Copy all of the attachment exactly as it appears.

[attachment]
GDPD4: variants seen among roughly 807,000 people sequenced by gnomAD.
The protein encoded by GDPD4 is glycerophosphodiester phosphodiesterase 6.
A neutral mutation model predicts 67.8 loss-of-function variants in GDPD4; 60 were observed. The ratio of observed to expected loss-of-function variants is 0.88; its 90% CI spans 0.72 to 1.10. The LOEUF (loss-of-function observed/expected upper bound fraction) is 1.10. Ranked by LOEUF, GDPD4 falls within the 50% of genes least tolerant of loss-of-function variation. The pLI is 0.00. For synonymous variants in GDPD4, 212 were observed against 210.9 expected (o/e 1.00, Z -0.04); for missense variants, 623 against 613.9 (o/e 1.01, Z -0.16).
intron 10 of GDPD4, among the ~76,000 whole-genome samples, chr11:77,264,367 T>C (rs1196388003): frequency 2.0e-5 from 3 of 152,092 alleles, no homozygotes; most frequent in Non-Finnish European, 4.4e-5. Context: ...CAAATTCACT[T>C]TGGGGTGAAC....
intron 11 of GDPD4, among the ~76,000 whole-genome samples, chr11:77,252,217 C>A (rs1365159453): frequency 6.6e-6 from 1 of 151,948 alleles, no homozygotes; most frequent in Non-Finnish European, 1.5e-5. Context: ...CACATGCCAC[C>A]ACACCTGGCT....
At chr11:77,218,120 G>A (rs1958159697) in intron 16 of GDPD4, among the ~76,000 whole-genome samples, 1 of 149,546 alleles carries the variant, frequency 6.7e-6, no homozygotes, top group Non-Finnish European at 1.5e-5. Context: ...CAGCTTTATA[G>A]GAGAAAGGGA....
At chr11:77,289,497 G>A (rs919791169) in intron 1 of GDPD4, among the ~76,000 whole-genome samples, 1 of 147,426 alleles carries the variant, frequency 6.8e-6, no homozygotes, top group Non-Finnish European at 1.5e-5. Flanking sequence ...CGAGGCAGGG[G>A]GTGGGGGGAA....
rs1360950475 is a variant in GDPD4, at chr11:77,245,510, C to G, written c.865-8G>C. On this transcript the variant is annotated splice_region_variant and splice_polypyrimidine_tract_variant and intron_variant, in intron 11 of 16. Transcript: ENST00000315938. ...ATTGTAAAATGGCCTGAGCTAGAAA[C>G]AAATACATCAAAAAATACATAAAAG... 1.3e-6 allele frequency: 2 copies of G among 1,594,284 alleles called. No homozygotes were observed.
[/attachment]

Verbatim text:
GDPD4: variants seen among roughly 807,000 people sequenced by gnomAD.
The protein encoded by GDPD4 is glycerophosphodiester phosphodiesterase 6.
A neutral mutation model predicts 67.8 loss-of-function variants in GDPD4; 60 were observed. The ratio of observed to expected loss-of-function variants is 0.88; its 90% CI spans 0.72 to 1.10. The LOEUF (loss-of-function observed/expected upper bound fraction) is 1.10. Ranked by LOEUF, GDPD4 falls within the 50% of genes least tolerant of loss-of-function variation. The pLI is 0.00. For synonymous variants in GDPD4, 212 were observed against 210.9 expected (o/e 1.00, Z -0.04); for missense variants, 623 against 613.9 (o/e 1.01, Z -0.16).
intron 10 of GDPD4, among the ~76,000 whole-genome samples, chr11:77,264,367 T>C (rs1196388003): frequency 2.0e-5 from 3 of 152,092 alleles, no homozygotes; most frequent in Non-Finnish European, 4.4e-5. Context: ...CAAATTCACT[T>C]TGGGGTGAAC....
intron 11 of GDPD4, among the ~76,000 whole-genome samples, chr11:77,252,217 C>A (rs1365159453): frequency 6.6e-6 from 1 of 151,948 alleles, no homozygotes; most frequent in Non-Finnish European, 1.5e-5. Context: ...CACATGCCAC[C>A]ACACCTGGCT....
At chr11:77,218,120 G>A (rs1958159697) in intron 16 of GDPD4, among the ~76,000 whole-genome samples, 1 of 149,546 alleles carries the variant, frequency 6.7e-6, no homozygotes, top group Non-Finnish European at 1.5e-5. Context: ...CAGCTTTATA[G>A]GAGAAAGGGA....
At chr11:77,289,497 G>A (rs919791169) in intron 1 of GDPD4, among the ~76,000 whole-genome samples, 1 of 147,426 alleles carries the variant, frequency 6.8e-6, no homozygotes, top group Non-Finnish European at 1.5e-5. Flanking sequence ...CGAGGCAGGG[G>A]GTGGGGGGAA....
rs1360950475 is a variant in GDPD4, at chr11:77,245,510, C to G, written c.865-8G>C. On this transcript the variant is annotated splice_region_variant and splice_polypyrimidine_tract_variant and intron_variant, in intron 11 of 16. Transcript: ENST00000315938. ...ATTGTAAAATGGCCTGAGCTAGAAA[C>G]AAATACATCAAAAAATACATAAAAG... 1.3e-6 allele frequency: 2 copies of G among 1,594,284 alleles called. No homozygotes were observed.